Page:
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Trend analysis (NHST) in JASP

Hi,

I was wondering about how JASP calculates the trends (linear, quadratic, etc.) when asking for polynomial contrasts in an ANOVA (NHST). Is there any reason why it reports the results in a t test rather than in an F test (like SPSS). I guess ultimately the result should be identical when taking the square root of values from the F test, but I do wonder whether there are some crucial differences. I assume that they still are basically simple regression analyses? In this regard, it would also be handy to not only see t and p values but also the dfs for that analysis.
More generally, is there somewhere a documentation on the tests that JASP uses and whether certain corrections have been applied (e.g. I am thinking about the multiple corrections of Cousineau and Morey when it comes to the calculation of within-subject confidence intervals)?

Thanks,
Michif

Comments

  • Dear Michif,

    I'll ask Johnny to clarify this. We probably call an existing R package.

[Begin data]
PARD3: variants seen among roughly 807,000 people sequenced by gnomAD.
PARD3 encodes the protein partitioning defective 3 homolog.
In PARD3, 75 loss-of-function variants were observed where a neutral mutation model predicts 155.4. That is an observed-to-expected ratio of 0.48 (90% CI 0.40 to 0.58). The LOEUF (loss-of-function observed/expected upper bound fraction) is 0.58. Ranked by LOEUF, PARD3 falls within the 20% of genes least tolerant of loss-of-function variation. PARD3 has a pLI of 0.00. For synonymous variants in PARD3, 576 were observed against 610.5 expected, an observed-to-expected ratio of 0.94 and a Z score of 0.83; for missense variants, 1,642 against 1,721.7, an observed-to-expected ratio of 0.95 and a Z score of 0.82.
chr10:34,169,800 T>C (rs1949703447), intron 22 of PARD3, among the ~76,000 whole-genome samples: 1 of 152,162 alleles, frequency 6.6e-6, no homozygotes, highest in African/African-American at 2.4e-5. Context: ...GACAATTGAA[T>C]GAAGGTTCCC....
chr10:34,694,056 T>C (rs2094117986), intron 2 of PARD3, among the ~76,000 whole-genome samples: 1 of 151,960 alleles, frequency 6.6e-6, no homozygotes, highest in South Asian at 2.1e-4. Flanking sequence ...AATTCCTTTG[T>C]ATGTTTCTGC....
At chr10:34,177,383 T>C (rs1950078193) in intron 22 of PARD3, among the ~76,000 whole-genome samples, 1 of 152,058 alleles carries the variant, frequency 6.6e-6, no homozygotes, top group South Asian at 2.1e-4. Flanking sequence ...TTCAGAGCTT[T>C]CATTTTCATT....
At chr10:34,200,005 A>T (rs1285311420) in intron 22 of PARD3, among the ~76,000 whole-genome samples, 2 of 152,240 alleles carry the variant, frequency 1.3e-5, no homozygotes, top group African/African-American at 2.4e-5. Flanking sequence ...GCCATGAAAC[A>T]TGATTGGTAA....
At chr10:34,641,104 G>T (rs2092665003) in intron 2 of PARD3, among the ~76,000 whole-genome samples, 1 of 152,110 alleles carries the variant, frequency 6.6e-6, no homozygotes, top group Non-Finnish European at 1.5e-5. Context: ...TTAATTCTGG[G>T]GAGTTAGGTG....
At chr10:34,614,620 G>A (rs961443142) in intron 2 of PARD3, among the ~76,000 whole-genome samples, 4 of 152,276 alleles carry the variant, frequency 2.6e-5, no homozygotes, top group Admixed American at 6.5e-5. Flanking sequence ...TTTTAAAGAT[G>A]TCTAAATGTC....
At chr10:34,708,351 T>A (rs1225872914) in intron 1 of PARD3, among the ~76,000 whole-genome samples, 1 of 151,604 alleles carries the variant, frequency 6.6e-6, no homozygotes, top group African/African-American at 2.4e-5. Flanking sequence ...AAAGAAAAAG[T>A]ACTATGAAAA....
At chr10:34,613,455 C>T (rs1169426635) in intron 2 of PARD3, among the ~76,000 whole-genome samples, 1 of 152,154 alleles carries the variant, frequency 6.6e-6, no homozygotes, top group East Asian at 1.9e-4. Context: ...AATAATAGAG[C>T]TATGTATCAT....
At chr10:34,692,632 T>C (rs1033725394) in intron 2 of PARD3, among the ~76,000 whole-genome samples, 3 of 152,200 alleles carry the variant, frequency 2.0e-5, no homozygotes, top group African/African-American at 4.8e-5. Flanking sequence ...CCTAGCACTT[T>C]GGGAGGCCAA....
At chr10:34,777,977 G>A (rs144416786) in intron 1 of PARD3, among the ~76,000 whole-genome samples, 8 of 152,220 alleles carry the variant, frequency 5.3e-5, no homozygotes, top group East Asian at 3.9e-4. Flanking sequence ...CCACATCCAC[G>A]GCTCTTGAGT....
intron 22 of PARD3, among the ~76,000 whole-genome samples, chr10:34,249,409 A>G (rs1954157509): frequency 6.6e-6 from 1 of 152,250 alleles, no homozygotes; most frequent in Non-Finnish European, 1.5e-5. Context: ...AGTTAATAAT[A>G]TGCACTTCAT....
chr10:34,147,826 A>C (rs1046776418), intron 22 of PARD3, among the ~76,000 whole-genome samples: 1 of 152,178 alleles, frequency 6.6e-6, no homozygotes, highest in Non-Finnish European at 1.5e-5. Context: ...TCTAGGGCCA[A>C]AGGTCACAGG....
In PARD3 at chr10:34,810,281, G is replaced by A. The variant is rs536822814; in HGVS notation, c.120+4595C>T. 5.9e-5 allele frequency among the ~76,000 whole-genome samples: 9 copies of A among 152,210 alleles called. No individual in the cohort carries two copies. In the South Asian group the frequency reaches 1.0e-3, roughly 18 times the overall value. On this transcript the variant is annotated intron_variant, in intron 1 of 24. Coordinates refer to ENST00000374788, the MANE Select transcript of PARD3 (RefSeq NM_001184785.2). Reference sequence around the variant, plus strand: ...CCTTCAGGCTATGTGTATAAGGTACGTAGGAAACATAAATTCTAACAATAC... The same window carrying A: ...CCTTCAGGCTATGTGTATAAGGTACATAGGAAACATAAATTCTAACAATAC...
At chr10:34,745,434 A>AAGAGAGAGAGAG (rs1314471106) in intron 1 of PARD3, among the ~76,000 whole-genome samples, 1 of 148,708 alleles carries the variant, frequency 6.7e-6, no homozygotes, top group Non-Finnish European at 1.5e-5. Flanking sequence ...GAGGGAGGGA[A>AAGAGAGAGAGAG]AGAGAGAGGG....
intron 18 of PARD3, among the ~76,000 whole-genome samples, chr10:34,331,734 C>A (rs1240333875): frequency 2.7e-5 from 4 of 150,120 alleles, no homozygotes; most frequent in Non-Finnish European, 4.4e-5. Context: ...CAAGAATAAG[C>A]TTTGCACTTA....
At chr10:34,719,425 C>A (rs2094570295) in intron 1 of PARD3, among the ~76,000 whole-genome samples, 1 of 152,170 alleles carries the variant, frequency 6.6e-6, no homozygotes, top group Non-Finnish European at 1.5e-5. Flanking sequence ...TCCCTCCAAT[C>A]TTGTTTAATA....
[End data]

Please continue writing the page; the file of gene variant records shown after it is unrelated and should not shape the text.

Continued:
Cheers,
    E.J.

  • Hi Michif,
    The polynomial contrasts in JASP are calculated with the "contr.poly()" function in R, the result of which is then supplied to the "contrast()" function of the emmeans package. This is also the function that gives the t value for the model comparison. For the non-RM ANOVA, we do provide the df's - I will look into supplying these for the RM ANOVA contrasts as well!
    As for your documentation suggestion - that is an excellent idea! Especially for the confidence interval scenario you describe - which seems to be quite a subjective field (how to compute the SE's and whether to apply additional corrections etc). Currently, we apply the Morey and Cousineau correction to the confidence intervals for within-subject factors and we let the user decide whether to used the pooled SE for those factors or not.
    We are currently in the process of rewriting a lot of our R-code, which will greatly enhance the readability of the code - hopefully this will also make it more inviting for people to go and look at what's going on under the hood. It would be cool to have an additional table with those details though.
    Cheers,
    Johnny

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